Monday, January 14, 2013

The Mouse in the Seventies -- Part 3

And, once again, my recollections of Disney during the presidency of James Earl Carter.

Chapter 3 — The Disney Animation Story Crew

Larry Clemmons had me writing sequence scripts for “The Fox and the Hound,” which turned out to be my assignment for the next six months. Part of the package was attending Woolie Reitherman’s marathon story sessions, which often left me drained and a bit dazed. There were also Woolie’s marathon take-selection meetings, which left me drained and bewildered.

(Woolie was big on high-attendance, open-ended meetings.)

During this time, I had an opportunity to see “Robin Hood” (Disney’s previous release) and “The Rescuers” (still waiting in the wings.) I found “The Rescuers” to be amazingly good, “Robin Hood” decidedly less so. I wondered how that could be, since both movies had the same creative team. I decided it was one of the ongoing mysteries of the film business.

(I also got assigned to look at older features. One day Woolie sent me into a small sweat box to watch “Dumbo,” and a funny thing happened. As I emerged from the screening room, supervising animator Frank Thomas was striding down the hall. He gave me a sunny smile and asked what I’d been looking at. I said, “Dumbo. It’s sure a nice picture.”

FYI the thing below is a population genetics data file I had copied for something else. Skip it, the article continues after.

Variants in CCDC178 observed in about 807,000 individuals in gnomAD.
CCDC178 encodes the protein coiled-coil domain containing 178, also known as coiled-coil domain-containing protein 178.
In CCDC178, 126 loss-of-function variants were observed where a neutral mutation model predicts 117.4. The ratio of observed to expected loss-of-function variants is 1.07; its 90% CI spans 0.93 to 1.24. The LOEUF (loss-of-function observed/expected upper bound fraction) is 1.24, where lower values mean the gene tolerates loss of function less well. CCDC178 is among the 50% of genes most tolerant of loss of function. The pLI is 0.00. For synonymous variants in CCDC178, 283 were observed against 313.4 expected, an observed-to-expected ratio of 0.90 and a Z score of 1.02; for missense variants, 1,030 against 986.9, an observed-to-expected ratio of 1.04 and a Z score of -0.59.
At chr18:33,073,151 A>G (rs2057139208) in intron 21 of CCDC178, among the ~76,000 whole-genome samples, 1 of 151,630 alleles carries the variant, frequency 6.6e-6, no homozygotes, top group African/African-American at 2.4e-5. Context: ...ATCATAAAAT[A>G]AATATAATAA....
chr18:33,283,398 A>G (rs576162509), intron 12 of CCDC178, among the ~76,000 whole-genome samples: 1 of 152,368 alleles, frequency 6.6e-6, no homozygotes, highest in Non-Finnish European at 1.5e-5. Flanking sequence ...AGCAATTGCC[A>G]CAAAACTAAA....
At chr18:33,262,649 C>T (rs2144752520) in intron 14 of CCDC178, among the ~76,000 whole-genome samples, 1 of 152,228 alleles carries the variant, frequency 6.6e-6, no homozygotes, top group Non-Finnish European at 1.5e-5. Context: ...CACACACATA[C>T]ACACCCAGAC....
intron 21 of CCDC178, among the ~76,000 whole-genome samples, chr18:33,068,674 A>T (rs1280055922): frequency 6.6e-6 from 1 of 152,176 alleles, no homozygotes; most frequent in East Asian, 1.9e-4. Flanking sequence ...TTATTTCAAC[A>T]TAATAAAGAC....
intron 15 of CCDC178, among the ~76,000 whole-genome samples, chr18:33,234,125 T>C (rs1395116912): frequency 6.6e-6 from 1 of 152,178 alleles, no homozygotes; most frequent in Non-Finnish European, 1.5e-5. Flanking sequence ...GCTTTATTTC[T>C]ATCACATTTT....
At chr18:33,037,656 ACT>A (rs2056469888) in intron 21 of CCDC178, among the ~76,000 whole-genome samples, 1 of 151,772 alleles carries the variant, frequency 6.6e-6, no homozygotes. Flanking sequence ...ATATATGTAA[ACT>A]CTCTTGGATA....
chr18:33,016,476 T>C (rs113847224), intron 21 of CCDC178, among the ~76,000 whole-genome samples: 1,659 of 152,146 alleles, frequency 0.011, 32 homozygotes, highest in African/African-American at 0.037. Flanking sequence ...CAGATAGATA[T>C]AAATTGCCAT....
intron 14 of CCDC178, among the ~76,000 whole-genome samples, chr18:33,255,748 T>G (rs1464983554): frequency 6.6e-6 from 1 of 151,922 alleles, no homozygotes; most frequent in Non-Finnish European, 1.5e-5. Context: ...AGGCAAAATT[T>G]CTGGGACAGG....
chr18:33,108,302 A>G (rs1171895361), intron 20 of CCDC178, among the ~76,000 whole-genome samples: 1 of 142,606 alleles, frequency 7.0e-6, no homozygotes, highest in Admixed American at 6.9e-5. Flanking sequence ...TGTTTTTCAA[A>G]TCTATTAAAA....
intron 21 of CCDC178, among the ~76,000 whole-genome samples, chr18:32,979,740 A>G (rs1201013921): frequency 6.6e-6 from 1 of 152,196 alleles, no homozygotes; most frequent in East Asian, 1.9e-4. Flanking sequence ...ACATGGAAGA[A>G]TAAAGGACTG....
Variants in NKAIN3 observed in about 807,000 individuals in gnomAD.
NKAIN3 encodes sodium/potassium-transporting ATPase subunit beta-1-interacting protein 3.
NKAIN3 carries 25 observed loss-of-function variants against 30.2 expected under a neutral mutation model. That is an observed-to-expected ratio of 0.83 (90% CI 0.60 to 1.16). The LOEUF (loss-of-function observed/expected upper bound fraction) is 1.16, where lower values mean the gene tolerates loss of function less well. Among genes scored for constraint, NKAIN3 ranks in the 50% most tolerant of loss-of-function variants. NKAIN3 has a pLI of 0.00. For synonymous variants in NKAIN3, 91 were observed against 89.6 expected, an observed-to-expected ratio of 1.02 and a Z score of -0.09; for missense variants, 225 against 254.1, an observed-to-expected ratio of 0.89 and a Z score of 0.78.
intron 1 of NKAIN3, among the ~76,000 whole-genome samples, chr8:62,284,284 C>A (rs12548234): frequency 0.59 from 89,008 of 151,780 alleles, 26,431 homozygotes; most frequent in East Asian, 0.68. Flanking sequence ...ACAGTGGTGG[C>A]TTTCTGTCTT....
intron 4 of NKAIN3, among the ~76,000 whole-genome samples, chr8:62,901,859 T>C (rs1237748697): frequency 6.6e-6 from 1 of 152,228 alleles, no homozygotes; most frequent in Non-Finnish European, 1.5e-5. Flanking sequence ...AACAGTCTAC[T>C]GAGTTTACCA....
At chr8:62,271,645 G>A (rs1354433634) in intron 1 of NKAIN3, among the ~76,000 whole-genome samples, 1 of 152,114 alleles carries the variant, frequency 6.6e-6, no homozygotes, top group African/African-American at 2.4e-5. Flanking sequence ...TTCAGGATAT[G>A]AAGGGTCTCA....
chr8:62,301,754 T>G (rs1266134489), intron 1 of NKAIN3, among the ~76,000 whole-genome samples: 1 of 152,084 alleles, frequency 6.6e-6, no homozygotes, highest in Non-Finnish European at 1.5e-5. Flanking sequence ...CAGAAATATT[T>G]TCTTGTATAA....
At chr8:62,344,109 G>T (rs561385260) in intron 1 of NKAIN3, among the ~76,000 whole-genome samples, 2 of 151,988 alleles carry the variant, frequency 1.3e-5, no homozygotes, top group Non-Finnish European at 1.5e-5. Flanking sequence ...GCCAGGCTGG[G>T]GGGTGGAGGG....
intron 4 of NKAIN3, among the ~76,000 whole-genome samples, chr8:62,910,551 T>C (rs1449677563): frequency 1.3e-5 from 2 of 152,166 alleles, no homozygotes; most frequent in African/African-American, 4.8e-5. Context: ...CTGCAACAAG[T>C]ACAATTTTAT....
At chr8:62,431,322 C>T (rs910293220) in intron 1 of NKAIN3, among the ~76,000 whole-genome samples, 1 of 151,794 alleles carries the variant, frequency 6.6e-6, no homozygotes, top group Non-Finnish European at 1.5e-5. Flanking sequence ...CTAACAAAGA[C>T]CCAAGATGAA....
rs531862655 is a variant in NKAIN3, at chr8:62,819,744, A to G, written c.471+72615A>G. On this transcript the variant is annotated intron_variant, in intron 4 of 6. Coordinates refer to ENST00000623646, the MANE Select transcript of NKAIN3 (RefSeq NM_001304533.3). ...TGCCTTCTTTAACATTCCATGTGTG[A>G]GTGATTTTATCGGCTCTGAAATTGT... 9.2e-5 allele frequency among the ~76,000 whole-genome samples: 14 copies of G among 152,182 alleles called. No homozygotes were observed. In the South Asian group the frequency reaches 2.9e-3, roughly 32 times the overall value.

Without missing a beat Frank said: “There’s a mistake in every scene.”

I thought this was a peculiar remark, and asked Ward Kimball if he knew why Frank might have said it. Ward replied: “That’s easy. Frank didn’t work on ‘Dumbo.’”

Studio politics is a forever thing. ...)

Find the rest of this chapter here.

What comes back to me, decades after the fact, is how much smaller Disney was then, how the stakes seemed lower, how (in many ways) it seemed like a "Mom and Pop" operation.

Of course it wasn't. The place wasn't the giant conglomerate it is today, but it was lumbering in the "let's get bigger" direction.

But what also strikes me is how the back-biting and manuevering, always a part of studio culture, was there in 1977 and 1978, just as it is today. I've observed it for freaking years as I walk down various studio halls.

And it doesn't change very much. A few years ago, Joe Grant chatted with me in the halls of the Disney hat building and remarked:

The politicking around here? It hasn't changed at all since the Hyperion days. The people are all new, but the politicking? That's the same.

A forever thing.


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